Trouble in China. Falling oil prices. Unsteady stock market. Slow employment growth. Stagnant incomes. That’s a heck of a way to start a new year, isn’t it? In the real estate universe, an abundance of capital and cheap financing have once again pushed prices up to record levels. My friends in the capital markets tell me that investment activity flattened toward the end of last year, as both investors and lenders became more cautious. Do these macro events portend the end of the slow—if resilient—economic recovery? How will Atlanta be affected? So far, Atlanta’s commercial real estate market has performed well during this recovery. Led by multi-family development, occupancy and rental rates have both been ticking up. In 2015, new construction has increased in all sectors. Will this continue in 2016? For my part, I have a few questions (and a few predictions) about how things will shake out over

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Cutting Through the Brokerspeak

4 years ago 0 0 1744

If you’ve ever bought a house, you’ve heard some of the code words residential real estate agents put in their listings. That “contemporary design” may just be ugly as sin. The “convenient location” could be because you get stuck in rush-hour traffic within a quarter mile of the driveway. And don’t even start thinking about “open concept.” Commercial brokers have their own language as well, and it can lead the uninformed or unsophisticated buyer to overpay. For the uninitiated, it may take a while to pick it up on this language. But once you’ve heard the same phrases ad nauseam, it can be easy to get cynical about brokerspeak. Below are five of the most commonly abused phrases, along with the cynic’s interpretation. And, on a more serious note, what you really ought to think about when you see these phrases in a marketing package.   Below replacement cost! The

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Sell high? Not so fast!

4 years ago 0 0 1996

One of the truisms of investing is that you should always sell high — in other words, when the market is at its peak. With values for commercial properties approaching, and in some cases surpassing, “all time highs,” one might argue for aggressive selling. Not so fast! Pause, take a breath, and consider the following decision pathway: 1.    A primary consideration should be “What will you do with the money from the sale?” In this market, virtually all asset classes are very expensive, and cash is yielding close to nothing. This leads to question #2… 2.    If the current property is financially sound and producing a good return, why replace it for another? Unless… 3.    If the current property is not performing well, no longer meets your objectives, has changed fundamentally, or has fulfilled the objectives for which it was purchased, it may be time to sell. 4.    Are the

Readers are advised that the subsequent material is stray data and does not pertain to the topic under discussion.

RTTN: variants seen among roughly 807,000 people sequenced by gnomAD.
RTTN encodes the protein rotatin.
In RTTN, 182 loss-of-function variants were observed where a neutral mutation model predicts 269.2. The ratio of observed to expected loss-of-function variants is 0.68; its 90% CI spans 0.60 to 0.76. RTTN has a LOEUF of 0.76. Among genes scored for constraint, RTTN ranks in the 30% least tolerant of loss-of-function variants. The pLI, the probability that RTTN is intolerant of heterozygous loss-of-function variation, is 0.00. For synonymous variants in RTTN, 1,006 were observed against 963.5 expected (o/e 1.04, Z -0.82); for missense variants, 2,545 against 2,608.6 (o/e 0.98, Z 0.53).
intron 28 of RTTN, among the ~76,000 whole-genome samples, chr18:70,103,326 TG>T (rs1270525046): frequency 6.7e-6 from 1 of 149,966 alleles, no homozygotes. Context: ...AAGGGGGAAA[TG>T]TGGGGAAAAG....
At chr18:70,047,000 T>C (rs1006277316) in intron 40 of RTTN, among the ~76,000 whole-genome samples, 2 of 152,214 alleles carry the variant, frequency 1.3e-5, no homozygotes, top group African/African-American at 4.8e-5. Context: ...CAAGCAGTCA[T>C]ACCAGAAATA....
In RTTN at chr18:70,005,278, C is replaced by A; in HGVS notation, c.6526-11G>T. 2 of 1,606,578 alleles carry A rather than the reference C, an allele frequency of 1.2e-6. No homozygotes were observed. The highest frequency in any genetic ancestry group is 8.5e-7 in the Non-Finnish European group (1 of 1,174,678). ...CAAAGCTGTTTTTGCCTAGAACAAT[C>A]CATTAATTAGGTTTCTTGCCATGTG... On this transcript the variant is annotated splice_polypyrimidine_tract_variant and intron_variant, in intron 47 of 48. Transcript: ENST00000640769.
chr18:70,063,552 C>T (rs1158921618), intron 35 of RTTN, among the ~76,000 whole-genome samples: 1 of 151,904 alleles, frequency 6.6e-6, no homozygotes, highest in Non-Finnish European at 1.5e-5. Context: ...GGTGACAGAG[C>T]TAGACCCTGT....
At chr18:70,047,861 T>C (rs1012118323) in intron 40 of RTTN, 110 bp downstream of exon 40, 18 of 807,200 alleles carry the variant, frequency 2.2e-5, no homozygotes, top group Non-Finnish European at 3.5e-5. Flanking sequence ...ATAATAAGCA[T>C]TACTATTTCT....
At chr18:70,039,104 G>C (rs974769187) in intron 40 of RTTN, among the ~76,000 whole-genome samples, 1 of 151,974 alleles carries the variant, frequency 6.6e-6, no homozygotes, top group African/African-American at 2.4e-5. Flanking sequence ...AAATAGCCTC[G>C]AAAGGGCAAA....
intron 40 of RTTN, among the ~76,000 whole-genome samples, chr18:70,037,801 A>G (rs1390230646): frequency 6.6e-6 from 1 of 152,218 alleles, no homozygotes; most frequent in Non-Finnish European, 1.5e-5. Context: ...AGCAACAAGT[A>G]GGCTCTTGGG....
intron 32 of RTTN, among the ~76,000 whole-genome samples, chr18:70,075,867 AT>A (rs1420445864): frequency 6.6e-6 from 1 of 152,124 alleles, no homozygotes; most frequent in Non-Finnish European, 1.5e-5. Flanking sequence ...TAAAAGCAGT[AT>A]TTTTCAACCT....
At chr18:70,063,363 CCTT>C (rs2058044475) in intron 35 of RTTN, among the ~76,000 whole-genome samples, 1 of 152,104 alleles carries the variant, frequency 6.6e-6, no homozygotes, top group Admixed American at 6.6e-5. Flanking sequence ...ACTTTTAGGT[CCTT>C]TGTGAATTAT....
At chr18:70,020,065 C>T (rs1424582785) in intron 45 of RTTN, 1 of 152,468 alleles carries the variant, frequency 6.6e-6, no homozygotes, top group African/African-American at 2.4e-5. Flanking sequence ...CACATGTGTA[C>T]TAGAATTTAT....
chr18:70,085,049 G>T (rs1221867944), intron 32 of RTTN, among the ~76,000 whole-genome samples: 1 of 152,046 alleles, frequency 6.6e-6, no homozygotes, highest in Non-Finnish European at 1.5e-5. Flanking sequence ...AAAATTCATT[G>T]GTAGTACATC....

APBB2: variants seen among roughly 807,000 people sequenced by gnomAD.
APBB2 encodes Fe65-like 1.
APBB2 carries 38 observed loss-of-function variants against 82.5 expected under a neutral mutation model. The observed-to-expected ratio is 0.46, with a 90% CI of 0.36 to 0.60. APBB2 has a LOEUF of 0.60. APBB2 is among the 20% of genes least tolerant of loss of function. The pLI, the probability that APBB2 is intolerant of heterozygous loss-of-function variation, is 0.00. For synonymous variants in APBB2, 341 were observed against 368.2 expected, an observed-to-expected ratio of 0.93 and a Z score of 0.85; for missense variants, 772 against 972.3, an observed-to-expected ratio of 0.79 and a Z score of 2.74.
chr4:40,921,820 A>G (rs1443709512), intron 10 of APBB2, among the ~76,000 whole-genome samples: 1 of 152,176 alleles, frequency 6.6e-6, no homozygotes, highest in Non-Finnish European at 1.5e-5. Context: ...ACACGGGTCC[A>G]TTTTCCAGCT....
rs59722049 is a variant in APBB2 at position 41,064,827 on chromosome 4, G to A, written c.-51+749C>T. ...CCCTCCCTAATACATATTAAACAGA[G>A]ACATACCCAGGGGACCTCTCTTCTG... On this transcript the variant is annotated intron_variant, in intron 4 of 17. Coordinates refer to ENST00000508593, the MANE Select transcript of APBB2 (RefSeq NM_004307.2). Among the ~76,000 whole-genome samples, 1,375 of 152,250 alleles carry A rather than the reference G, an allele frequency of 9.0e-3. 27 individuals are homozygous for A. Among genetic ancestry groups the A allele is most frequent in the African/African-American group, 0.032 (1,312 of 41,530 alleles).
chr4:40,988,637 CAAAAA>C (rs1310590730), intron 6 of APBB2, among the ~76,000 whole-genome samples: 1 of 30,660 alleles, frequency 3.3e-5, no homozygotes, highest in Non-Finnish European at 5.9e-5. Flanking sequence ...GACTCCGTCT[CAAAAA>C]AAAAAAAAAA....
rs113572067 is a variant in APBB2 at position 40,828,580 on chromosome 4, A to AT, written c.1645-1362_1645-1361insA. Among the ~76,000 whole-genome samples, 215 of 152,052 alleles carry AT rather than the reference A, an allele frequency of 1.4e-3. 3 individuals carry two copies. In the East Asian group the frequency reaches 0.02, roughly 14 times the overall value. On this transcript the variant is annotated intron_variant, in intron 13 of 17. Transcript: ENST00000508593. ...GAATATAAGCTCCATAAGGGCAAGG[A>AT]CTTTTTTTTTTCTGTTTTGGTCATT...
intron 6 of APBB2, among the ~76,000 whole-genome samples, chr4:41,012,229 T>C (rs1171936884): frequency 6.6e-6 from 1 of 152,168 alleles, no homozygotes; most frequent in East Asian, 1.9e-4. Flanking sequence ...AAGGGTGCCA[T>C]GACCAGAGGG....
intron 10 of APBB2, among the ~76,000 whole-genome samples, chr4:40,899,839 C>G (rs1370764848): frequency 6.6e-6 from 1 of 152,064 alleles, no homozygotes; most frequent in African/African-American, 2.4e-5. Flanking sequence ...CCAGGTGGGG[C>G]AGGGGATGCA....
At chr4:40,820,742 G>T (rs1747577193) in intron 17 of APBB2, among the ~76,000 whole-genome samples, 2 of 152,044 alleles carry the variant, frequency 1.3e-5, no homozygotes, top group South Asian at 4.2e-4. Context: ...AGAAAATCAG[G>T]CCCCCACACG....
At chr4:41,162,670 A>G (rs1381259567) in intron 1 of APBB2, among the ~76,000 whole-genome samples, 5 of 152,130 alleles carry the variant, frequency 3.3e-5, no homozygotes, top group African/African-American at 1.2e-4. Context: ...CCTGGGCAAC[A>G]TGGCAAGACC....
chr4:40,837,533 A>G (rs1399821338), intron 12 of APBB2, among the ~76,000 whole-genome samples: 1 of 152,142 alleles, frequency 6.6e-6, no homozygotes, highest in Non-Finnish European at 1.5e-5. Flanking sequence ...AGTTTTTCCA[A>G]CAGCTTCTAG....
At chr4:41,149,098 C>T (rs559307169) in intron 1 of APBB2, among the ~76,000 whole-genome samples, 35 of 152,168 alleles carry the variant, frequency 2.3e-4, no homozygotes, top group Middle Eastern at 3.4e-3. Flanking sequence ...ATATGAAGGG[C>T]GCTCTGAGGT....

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Six Wealth-Building Real Estate Resolutions for 2015

5 years ago 0 0 1816

You might be surprised to know how many commercial real estate purchases are driven more by emotional than rational decision making. With the real estate and stock markets being white-hot and returns on conservative alternatives near zero, it is tempting and easy to throw caution to the wind. Beware if you dare. If you’re considering a real estate investment in 2015, here are Six Wealth-Building Real Estate Resolutions to ensure that rational thinking prevails. 1. Neighborhood trends matter. Google earth doesn’t tell the entire story. A site visit is worth the time and expense. Also, engage a professional familiar with the property type and local market to provide an objective assessment that will reveal opportunities and potential problems associated with planned rezoning, future developments, transportation changes, or market trends. 2. Physical condition of property Get an inspection! Hidden conditions can be very costly. A pound of prevention…well, you know. 3.